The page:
Library, circa 1871. Buildings and Grounds Photograph Collection (3008-2-2-11)
Library, 2017. NPS Photo
During 1775 and 1776 this room was used as a staff room and writing room for George Washington's aides. It would have been the busiest room in the house as Washington and his aides struggled to issue orders and handle the crush of correspondence coming and going. The Continental Army did not have the benefit of a supporting Department of Defense; its administrative functions were carried out in this room. While here, Washington identified the characteristics required in his subordinates to perform these critical duties.
As part of his expansion of the original Georgian structure in about 1793, Andrew Craigie enlarged this room towards the north. The library retains most of the changes made at that time. Craigie's changes to the house reflect the Federal style. The room was lengthened, and two fluted columns with Corinthian capitals supporting a heavy entablature were added in the middle of the long wall. He added the Blue Entry behind the dining room to keep the house square and to serve as an impressive entrance to his new grand room for entertaining.
Books that Crowd My Shelf
Six massive oaken bookcases line the outer walls of the library. They hold many of Henry Longfellow's foreign-language books: the nineteenth-century French poets in elaborate gold-tooled bindings, the Italian poets in white vellum, and the German poets in green leather. The 675 books on exhibit in the room today are a small fraction of the poet's library. Longfellow's 1875 poem "Travels by the Fireside" emphasizes the importance of his books, for personal pleasure as well as scholarly study:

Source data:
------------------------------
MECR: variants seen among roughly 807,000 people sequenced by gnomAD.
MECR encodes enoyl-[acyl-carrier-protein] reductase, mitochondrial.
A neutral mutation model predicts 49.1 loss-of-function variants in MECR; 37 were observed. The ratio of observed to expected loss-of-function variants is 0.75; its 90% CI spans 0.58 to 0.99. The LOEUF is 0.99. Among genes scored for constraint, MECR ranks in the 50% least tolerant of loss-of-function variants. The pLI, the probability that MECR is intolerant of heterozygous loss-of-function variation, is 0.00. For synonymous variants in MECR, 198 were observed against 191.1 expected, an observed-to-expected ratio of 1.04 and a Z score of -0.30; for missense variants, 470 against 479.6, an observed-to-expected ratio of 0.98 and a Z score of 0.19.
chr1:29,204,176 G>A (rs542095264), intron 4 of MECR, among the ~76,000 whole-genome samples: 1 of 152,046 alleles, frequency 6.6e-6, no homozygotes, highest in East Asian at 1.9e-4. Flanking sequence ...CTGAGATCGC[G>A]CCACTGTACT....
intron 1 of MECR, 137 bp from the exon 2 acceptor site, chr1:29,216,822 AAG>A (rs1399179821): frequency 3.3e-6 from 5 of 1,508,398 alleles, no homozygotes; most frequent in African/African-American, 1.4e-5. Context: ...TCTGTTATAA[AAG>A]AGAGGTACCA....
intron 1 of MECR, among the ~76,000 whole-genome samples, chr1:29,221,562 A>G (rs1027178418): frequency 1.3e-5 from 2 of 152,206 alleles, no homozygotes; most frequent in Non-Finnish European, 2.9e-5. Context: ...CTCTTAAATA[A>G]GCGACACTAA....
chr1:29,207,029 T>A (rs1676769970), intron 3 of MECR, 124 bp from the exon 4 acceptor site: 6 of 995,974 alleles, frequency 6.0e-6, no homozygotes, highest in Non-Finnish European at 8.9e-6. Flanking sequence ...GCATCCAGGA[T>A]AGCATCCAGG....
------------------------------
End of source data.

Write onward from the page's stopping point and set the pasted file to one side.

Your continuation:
An oak Elizabethan Revival library table with green baize panel stands in the center of the room. It was purchased by the Longfellows in the 1850s. Historic photographs make it clear that this table was often covered with piles of books that overflowed the shelves.
As Longfellow wrote in his poem "Twelfth Night," "The busts of Grecian bards sublime / Smiled from their antique oaken cases." Busts of Homer, Sophocles, and Aeschylus still sit on top of three bookcases. They are complemented by a standing statue of Sappho by Thomas Crawford, a gift to Henry Longfellow by Crawford's widow in 1861.
The Longfellows used the room for formal and informal family gatherings, musical events, children's programs, parties, and dances. The family appreciated good music, and Henry Longfellow recorded several evenings devoted to performances by guests to the home:
In 1897, Alice Longfellow replaced her parents' Chickering piano with the 1888 Model C Steinway grand piano in the room today.
Last updated: January 30, 2018